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Prime Minister Yoshihide Suga’s decision to yet again impose a coronavirus state of emergency, effective Monday, centered on a political move to head off criticism from the public rather than a scientific judgment over what would stifle a new wave of the virus.

Although the sense of urgency associated with the emergency may have been diminished by their repeated use — this is the fourth time the measure has been implemented — and business activities will be disrupted, the Suga administration calculated that the political fallout from not declaring it would outweigh the merits of maintaining the status quo, which would have further exposed Suga to intense criticism over perceived inaction.

Tokyo and other areas were under a quasi-state of emergency as of Sunday, and it was believed that the government would continue the measure because many indexes, such as the hospital bed occupancy rate, stood at Stage 3 — not the highest-level Stage 4 that warrants issuing the emergency.

Declaring the emergency in Tokyo was an unexpected about-face from the administration.

“As the vaccination speed picks up significantly and we begin to see an end to this fight against the coronavirus, we absolutely must avoid triggering an outbreak originating in Tokyo again,” Suga said during a news conference Thursday evening. “With this desire in mind, I decided to re-declare a state of emergency in Tokyo as a proactive and preventative measure.”

In general, the administration has been reluctant to invoke the most stringent option legally available to it in terms of limiting individual rights. With the Olympics set to start on July 23, the state of emergency has blemished the games’ significance, something which Suga had characterized as “proof that we vanquished the virus.” Both the central government and the Tokyo Metropolitan Government were eager to stage the games with a limit on spectators under the quasi-measure, instead of with no audience under the state of emergency.

The National Stadium in Tokyo on Monday. Declaring the emergency in Tokyo was an unexpected about-face from the Suga administration. | KYODO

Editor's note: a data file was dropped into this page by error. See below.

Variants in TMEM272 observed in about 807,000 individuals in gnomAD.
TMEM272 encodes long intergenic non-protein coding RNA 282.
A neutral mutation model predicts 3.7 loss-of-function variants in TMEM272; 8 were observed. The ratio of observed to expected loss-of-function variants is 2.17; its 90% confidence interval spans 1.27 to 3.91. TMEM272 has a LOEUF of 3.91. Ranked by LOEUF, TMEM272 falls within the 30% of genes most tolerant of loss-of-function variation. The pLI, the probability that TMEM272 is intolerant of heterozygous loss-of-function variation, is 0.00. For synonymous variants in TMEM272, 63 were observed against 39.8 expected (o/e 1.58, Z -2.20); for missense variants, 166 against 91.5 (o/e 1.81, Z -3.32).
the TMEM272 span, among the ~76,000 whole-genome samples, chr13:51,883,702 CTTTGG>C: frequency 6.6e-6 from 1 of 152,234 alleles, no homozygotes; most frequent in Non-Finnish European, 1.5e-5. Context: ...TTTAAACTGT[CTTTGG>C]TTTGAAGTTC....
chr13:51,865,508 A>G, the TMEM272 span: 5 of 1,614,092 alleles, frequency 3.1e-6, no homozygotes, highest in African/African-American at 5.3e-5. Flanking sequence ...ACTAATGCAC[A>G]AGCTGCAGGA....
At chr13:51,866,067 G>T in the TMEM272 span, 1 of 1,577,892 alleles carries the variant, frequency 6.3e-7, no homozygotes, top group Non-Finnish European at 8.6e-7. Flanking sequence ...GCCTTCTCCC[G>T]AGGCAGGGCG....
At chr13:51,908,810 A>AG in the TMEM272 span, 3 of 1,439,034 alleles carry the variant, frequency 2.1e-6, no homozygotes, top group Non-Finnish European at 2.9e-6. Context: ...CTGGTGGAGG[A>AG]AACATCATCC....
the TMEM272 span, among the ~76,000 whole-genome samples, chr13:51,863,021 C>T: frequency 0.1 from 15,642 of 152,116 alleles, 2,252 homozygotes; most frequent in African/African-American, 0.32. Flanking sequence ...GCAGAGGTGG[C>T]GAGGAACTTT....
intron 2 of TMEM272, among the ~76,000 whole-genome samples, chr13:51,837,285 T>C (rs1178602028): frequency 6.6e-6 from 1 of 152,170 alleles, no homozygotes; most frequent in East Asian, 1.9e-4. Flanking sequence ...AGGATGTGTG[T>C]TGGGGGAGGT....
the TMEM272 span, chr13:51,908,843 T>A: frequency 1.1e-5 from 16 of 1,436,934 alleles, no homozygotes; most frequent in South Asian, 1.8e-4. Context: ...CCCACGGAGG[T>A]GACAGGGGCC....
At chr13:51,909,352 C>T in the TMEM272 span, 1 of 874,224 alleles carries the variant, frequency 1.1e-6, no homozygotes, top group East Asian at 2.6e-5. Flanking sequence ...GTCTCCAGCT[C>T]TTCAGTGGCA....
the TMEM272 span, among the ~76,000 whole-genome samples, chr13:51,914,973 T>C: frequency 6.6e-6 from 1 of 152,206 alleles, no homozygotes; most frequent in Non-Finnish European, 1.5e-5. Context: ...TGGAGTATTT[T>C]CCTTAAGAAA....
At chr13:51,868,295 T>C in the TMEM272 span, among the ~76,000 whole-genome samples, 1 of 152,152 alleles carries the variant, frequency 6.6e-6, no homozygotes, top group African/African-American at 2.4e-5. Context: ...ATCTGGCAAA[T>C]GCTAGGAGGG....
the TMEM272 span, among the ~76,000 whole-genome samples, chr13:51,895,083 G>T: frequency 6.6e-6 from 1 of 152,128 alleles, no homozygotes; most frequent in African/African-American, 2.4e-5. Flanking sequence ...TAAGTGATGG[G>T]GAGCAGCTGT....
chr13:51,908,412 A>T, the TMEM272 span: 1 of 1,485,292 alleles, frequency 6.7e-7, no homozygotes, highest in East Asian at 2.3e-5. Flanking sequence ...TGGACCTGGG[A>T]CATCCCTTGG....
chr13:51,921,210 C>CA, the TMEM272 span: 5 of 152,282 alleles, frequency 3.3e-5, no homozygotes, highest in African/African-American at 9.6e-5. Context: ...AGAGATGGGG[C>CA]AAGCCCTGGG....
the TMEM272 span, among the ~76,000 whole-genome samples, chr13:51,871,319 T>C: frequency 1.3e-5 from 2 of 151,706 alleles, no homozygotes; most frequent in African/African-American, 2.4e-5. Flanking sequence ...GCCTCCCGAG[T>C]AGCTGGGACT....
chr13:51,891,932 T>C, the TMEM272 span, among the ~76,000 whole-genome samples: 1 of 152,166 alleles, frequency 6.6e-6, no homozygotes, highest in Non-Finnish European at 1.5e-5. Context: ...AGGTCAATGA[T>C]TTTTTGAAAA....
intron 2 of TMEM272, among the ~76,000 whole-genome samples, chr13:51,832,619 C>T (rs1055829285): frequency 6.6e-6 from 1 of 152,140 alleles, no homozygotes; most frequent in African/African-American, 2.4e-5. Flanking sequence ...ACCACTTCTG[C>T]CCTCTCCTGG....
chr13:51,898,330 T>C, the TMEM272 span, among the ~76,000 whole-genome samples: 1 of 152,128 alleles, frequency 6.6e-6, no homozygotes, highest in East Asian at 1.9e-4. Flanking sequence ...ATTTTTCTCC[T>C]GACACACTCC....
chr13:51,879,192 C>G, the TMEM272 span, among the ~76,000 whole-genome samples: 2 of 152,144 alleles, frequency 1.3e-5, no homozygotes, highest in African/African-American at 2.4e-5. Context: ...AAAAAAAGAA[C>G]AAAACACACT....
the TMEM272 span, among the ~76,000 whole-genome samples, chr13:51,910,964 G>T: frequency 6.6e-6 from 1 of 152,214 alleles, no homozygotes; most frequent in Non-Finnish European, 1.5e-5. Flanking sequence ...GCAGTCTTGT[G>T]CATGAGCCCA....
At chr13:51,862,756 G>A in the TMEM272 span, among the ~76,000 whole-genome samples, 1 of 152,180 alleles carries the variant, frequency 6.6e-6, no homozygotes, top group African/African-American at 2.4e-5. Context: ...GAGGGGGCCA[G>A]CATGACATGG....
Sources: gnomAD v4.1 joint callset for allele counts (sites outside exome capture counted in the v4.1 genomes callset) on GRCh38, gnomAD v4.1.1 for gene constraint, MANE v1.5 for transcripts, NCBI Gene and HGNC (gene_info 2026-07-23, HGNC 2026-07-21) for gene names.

The National Stadium in Tokyo on Monday. Declaring the emergency in Tokyo was an unexpected about-face from the Suga administration. | KYODO

In the weeks leading up to when a state of emergency was issued in April, administration officials were reluctant to carry out a measure they viewed as a last resort. Instead, the central government pressured local municipalities to step up before ultimately caving to demands from certain governors and the general public.

Underlying the surprise at Suga’s decision is the fact that the administration could have, for example, tightened existing restrictions on the sale of alcohol without declaring a state of emergency.

The administration had revised quasi-emergency measures such that, in principle, alcohol cannot be served at restaurants where the measure is in force — but governors could relax the rules as long as restaurants comply with health regulations.

The biggest difference between the two measures is that a state of emergency allows local governments to request and order businesses to shutter temporarily for the sake of public health.

But as new cases crept up, keeping the status quo became an enormous political risk.

Suga’s team was well aware of the resurgence in Tokyo, attributed to increased foot traffic and the delta variant, and the tide started shifting in favor of a fourth state of emergency last Tuesday, when new cases jumped to 593 — an almost 25% increase from the same day the previous week. On Wednesday, 920 new cases were logged, a 29% jump over a week before and a decisive indicator that extending the quasi-emergency measures would not be enough.

Even if Suga had chosen to prioritize the economy and holding the Olympics with spectators at the expense of rising cases, public health experts would likely have openly defied his initial decision not to opt for an emergency, as they have done so before. The prime minister would have faced much harsher rebukes if he had doubled down on prolonging the pre-emergency measures, both from the experts and the public.

Pedestrians stop to watch a screen broadcasting a news conference by Prime Minister Yoshihide Suga in Tokyo on Thursday. | BLOOMBERG
Pedestrians stop to watch a screen broadcasting a news conference by Prime Minister Yoshihide Suga in Tokyo on Thursday. | BLOOMBERG

Adding to these concerns was the Liberal Democratic Party’s flagging popularity.

Although the LDP became the largest party in the recent Tokyo Metropolitan Assembly election, which is seen as a prelude to a national poll to be held later this year, the party only gained 33 seats, well short of the roughly 50 it was projected to achieve.

Suga’s Cabinet approval increased slightly this month from the previous month, when it hit a record low in multiple polls, but the delay in the vaccine rollout in various places is raising questions about the government’s handling of the pandemic.

Still, Suga’s decision is unlikely to translate into public support. As a general trend, his Cabinet’s approval ratings tend to fall as the number of new cases rises. In addition, the public is already exhausted with living under restrictions and dissatisfied with the contradiction that the Olympics will go on while restaurants serving alcohol are being asked to close.

Some administration officials are not even sure whether the public will adhere to the fourth emergency.

“We just have to believe in the emergency’s effectiveness,” a senior administration official said last week. “We’ve done pretty much all we could do at this point. All we have left is willpower, as in ‘Are we really going to limit activities during the day?’”

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